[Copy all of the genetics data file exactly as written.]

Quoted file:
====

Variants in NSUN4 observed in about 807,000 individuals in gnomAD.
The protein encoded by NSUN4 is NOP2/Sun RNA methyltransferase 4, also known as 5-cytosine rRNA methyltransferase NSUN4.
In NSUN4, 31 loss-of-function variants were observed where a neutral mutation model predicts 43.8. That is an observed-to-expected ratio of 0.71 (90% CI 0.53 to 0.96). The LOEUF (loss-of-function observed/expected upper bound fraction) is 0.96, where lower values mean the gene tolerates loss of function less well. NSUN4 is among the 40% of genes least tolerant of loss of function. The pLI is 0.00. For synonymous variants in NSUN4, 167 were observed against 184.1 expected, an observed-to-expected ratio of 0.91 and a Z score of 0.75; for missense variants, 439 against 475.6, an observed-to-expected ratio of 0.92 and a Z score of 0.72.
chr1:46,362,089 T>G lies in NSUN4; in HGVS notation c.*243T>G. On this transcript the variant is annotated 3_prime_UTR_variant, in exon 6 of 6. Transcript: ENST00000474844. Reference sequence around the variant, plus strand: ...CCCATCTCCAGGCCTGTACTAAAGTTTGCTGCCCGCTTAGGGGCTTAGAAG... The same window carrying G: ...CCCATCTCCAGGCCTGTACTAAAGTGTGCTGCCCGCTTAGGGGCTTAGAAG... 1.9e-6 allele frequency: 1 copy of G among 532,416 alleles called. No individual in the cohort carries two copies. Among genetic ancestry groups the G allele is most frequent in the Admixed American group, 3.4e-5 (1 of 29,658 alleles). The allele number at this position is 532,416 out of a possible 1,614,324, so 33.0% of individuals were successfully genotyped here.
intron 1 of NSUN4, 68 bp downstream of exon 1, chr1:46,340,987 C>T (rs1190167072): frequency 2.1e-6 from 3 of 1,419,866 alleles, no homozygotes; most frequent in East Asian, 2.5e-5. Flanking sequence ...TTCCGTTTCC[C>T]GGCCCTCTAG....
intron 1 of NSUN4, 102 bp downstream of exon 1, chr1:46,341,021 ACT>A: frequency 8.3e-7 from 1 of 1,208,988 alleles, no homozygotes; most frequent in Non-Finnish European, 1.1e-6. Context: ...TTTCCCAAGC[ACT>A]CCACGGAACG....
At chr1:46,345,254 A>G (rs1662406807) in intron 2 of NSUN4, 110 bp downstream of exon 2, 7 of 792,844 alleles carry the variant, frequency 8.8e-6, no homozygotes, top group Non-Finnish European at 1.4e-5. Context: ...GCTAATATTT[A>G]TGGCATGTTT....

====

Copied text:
Variants in NSUN4 observed in about 807,000 individuals in gnomAD.
The protein encoded by NSUN4 is NOP2/Sun RNA methyltransferase 4, also known as 5-cytosine rRNA methyltransferase NSUN4.
In NSUN4, 31 loss-of-function variants were observed where a neutral mutation model predicts 43.8. That is an observed-to-expected ratio of 0.71 (90% CI 0.53 to 0.96). The LOEUF (loss-of-function observed/expected upper bound fraction) is 0.96, where lower values mean the gene tolerates loss of function less well. NSUN4 is among the 40% of genes least tolerant of loss of function. The pLI is 0.00. For synonymous variants in NSUN4, 167 were observed against 184.1 expected, an observed-to-expected ratio of 0.91 and a Z score of 0.75; for missense variants, 439 against 475.6, an observed-to-expected ratio of 0.92 and a Z score of 0.72.
chr1:46,362,089 T>G lies in NSUN4; in HGVS notation c.*243T>G. On this transcript the variant is annotated 3_prime_UTR_variant, in exon 6 of 6. Transcript: ENST00000474844. Reference sequence around the variant, plus strand: ...CCCATCTCCAGGCCTGTACTAAAGTTTGCTGCCCGCTTAGGGGCTTAGAAG... The same window carrying G: ...CCCATCTCCAGGCCTGTACTAAAGTGTGCTGCCCGCTTAGGGGCTTAGAAG... 1.9e-6 allele frequency: 1 copy of G among 532,416 alleles called. No individual in the cohort carries two copies. Among genetic ancestry groups the G allele is most frequent in the Admixed American group, 3.4e-5 (1 of 29,658 alleles). The allele number at this position is 532,416 out of a possible 1,614,324, so 33.0% of individuals were successfully genotyped here.
intron 1 of NSUN4, 68 bp downstream of exon 1, chr1:46,340,987 C>T (rs1190167072): frequency 2.1e-6 from 3 of 1,419,866 alleles, no homozygotes; most frequent in East Asian, 2.5e-5. Flanking sequence ...TTCCGTTTCC[C>T]GGCCCTCTAG....
intron 1 of NSUN4, 102 bp downstream of exon 1, chr1:46,341,021 ACT>A: frequency 8.3e-7 from 1 of 1,208,988 alleles, no homozygotes; most frequent in Non-Finnish European, 1.1e-6. Context: ...TTTCCCAAGC[ACT>A]CCACGGAACG....
At chr1:46,345,254 A>G (rs1662406807) in intron 2 of NSUN4, 110 bp downstream of exon 2, 7 of 792,844 alleles carry the variant, frequency 8.8e-6, no homozygotes, top group Non-Finnish European at 1.4e-5. Context: ...GCTAATATTT[A>G]TGGCATGTTT....